Dallas police looking for man accused of selling dead owner's home

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Dallas police are searching for a man who they say sold a house for more than $100,000 by posing as the home’s dead owner.

Christopher Brian Colbert, 43, is suspected of posing as Ronald Shumway, 57, police said Thursday. Shumway’s remains were found on his property in September and police said he hadn’t been seen since April, according to the Dallas Morning News.

The owner of a home on North Winnekta Ave. that Colbert sold posing as Shumway found Shumway’s remains in a plastic bag covered by cement in the yard. Witnesses were able to identify the remains of Shumway, the Morning News reported.

An arrest warrant for Colbert was issued on Monday and as of early Sunday he was still at large. Colbert is charged with securing execution of a document by deception and tampering with government record – both felonies. He has not been charged in Shumway’s death, according to WFAA.

“It’s a horrible situation,” Mark Shumway, Ronald’s half-brother, told the station. “A man was murdered, buried in his own back yard, had his property stolen and probably his bank accounts drained from somebody from what I understand was trying to help.”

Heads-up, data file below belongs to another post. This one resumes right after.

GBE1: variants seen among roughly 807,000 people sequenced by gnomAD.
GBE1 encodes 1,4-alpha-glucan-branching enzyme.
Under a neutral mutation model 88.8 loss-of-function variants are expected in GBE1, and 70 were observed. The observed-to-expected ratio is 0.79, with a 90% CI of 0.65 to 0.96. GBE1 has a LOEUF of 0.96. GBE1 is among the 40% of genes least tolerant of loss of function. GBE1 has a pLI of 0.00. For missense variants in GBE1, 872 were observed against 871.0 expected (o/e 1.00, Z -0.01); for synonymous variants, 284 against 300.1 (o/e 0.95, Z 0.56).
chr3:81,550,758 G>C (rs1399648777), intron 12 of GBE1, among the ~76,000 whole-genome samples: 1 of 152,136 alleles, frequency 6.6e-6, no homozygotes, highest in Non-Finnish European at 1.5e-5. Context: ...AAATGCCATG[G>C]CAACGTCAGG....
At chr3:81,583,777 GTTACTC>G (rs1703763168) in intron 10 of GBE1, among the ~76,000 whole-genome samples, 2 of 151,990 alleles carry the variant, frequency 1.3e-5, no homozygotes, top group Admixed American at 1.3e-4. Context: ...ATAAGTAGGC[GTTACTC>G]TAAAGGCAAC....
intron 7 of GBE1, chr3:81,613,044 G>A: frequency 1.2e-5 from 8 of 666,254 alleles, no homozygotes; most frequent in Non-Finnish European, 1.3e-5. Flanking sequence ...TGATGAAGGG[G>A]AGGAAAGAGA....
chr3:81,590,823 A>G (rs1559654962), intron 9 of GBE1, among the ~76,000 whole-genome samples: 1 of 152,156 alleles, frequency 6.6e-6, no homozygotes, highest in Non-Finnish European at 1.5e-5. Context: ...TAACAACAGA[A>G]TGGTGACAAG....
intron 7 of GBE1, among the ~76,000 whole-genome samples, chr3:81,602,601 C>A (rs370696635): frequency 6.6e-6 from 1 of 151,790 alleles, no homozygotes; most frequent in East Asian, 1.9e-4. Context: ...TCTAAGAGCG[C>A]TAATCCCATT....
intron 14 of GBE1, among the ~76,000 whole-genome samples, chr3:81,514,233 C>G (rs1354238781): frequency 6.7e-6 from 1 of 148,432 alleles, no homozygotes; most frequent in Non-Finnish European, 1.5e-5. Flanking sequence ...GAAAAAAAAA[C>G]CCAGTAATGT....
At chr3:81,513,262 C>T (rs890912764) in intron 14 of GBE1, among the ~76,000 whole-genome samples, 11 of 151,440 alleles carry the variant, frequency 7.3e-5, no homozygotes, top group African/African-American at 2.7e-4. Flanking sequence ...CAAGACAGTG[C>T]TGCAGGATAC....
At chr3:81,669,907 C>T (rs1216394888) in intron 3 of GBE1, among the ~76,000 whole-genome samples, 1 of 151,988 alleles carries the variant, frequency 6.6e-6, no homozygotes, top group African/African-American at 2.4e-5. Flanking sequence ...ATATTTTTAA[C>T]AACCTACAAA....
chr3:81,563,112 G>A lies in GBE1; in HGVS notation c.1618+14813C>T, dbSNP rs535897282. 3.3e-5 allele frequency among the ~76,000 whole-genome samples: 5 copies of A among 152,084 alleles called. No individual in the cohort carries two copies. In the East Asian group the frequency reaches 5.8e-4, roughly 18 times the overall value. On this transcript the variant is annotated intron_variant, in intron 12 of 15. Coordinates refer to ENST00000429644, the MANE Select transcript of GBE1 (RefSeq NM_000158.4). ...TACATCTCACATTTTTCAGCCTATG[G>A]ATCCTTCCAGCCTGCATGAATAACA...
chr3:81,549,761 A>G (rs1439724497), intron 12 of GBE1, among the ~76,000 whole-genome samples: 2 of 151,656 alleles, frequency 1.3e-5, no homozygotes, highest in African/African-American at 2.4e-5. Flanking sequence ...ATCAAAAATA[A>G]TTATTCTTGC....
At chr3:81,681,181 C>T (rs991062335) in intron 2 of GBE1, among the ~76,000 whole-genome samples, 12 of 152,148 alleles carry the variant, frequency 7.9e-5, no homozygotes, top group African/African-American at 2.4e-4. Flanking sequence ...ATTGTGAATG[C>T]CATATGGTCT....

The Morning News reported, citing court records, there was an outstanding warrant in Grand Prairie related to Shumway’s car. Police believe Colbert lived next to Shumway or had “access to his property.”

According to the warrant, Colbert posed as Shumway when he contacted a broker in May to get an evaluation on the house. He signed the contract with the broker agreeing to sell the house for $145,000. Three days later, Colbert contacted the broker and said he wanted to sell the house as quickly as possible, the paper reported.

As Colbert was going to close on the house, the escrow officer asked him for identification but he claimed he didn’t have his driver’s license on him and would fax it to her. Authorities said he signed the closing documents as “Ronald D. Shumway,” according to the paper.

“Hey Trish, here’s my license and Bank of America wire,” Colbert allegedly wrote, according to WFAA. “Thanks! Nice to meet you.”

The following day, Colbert faxed over an edited version of Shumway’s license. The company then sent over $110,000 the house was sold for – which was the price after Colbert rushed to sell the home. Police believe he was using Shumway’s bank account to make withdrawals.

Shumway bought the house in 1984 and lived in it for more than 30 years, according to the Dallas Morning News.

Click for more from The Dallas Morning News.

Click for more from WFAA.